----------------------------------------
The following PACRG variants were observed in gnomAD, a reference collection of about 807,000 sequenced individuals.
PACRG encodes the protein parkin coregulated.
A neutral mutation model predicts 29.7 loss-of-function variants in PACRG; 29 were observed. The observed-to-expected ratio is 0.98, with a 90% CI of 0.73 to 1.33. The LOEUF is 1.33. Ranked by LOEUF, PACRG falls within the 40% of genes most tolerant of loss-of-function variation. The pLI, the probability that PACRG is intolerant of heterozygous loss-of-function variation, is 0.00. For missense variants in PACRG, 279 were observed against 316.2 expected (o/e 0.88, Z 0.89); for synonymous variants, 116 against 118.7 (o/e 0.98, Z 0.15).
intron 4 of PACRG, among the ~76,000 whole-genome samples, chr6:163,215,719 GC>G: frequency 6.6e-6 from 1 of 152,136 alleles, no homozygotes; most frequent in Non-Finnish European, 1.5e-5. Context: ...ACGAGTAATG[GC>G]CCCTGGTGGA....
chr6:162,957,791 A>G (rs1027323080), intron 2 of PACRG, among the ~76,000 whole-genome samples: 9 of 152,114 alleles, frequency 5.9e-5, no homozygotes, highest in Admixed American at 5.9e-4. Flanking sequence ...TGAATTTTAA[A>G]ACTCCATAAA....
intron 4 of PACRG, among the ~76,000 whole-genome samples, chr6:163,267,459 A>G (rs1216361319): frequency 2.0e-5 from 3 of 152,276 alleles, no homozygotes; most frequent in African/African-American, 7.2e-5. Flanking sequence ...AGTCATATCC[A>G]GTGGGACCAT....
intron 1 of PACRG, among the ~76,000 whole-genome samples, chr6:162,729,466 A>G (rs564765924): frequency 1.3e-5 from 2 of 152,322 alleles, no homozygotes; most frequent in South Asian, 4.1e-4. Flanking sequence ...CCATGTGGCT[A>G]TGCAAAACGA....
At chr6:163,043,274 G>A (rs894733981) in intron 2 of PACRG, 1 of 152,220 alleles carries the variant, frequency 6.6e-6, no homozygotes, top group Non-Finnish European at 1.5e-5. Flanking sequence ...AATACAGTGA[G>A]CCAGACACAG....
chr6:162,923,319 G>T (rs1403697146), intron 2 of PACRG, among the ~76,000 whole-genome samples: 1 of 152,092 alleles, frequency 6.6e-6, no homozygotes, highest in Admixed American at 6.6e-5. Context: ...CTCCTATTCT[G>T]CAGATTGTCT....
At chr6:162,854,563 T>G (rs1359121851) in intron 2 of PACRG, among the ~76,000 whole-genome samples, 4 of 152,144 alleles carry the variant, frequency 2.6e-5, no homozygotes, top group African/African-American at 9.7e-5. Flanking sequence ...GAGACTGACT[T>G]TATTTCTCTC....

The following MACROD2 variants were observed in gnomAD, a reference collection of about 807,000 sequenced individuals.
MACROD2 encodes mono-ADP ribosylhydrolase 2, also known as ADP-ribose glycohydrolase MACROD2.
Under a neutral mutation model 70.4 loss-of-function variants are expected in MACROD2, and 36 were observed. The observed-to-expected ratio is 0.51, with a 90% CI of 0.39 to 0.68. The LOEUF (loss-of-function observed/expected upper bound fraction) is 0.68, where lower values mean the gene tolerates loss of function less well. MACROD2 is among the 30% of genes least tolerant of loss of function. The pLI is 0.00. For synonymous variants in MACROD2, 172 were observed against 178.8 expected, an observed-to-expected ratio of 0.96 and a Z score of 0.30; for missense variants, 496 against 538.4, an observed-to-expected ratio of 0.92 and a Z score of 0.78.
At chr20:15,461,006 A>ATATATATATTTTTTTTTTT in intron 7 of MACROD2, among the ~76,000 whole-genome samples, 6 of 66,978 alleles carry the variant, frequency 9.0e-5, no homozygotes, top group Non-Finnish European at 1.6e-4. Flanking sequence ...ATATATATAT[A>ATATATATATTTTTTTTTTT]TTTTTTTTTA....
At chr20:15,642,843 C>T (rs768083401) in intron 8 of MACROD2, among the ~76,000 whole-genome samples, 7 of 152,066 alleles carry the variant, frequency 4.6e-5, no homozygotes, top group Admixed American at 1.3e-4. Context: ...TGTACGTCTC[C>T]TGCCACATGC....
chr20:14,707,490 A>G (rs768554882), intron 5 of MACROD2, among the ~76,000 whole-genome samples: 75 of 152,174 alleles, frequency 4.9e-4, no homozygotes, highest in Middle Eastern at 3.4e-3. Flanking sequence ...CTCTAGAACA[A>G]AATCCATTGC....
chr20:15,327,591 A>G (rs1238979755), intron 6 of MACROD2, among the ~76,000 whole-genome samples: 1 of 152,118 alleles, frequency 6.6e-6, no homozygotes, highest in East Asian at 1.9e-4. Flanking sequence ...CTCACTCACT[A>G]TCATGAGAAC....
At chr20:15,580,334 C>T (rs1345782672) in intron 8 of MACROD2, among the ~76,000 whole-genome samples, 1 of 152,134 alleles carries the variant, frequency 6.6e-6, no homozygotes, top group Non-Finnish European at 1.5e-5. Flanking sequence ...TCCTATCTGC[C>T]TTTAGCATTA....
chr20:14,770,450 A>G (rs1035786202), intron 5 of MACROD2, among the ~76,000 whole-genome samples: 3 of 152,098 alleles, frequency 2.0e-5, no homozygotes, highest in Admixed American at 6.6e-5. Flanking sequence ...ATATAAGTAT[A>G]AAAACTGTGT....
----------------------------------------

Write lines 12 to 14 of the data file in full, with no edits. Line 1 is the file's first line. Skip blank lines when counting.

MACROD2 encodes mono-ADP ribosylhydrolase 2, also known as ADP-ribose glycohydrolase MACROD2.
Under a neutral mutation model 70.4 loss-of-function variants are expected in MACROD2, and 36 were observed. The observed-to-expected ratio is 0.51, with a 90% CI of 0.39 to 0.68. The LOEUF (loss-of-function observed/expected upper bound fraction) is 0.68, where lower values mean the gene tolerates loss of function less well. MACROD2 is among the 30% of genes least tolerant of loss of function. The pLI is 0.00. For synonymous variants in MACROD2, 172 were observed against 178.8 expected, an observed-to-expected ratio of 0.96 and a Z score of 0.30; for missense variants, 496 against 538.4, an observed-to-expected ratio of 0.92 and a Z score of 0.78.
At chr20:15,461,006 A>ATATATATATTTTTTTTTTT in intron 7 of MACROD2, among the ~76,000 whole-genome samples, 6 of 66,978 alleles carry the variant, frequency 9.0e-5, no homozygotes, top group Non-Finnish European at 1.6e-4. Flanking sequence ...ATATATATAT[A>ATATATATATTTTTTTTTTT]TTTTTTTTTA....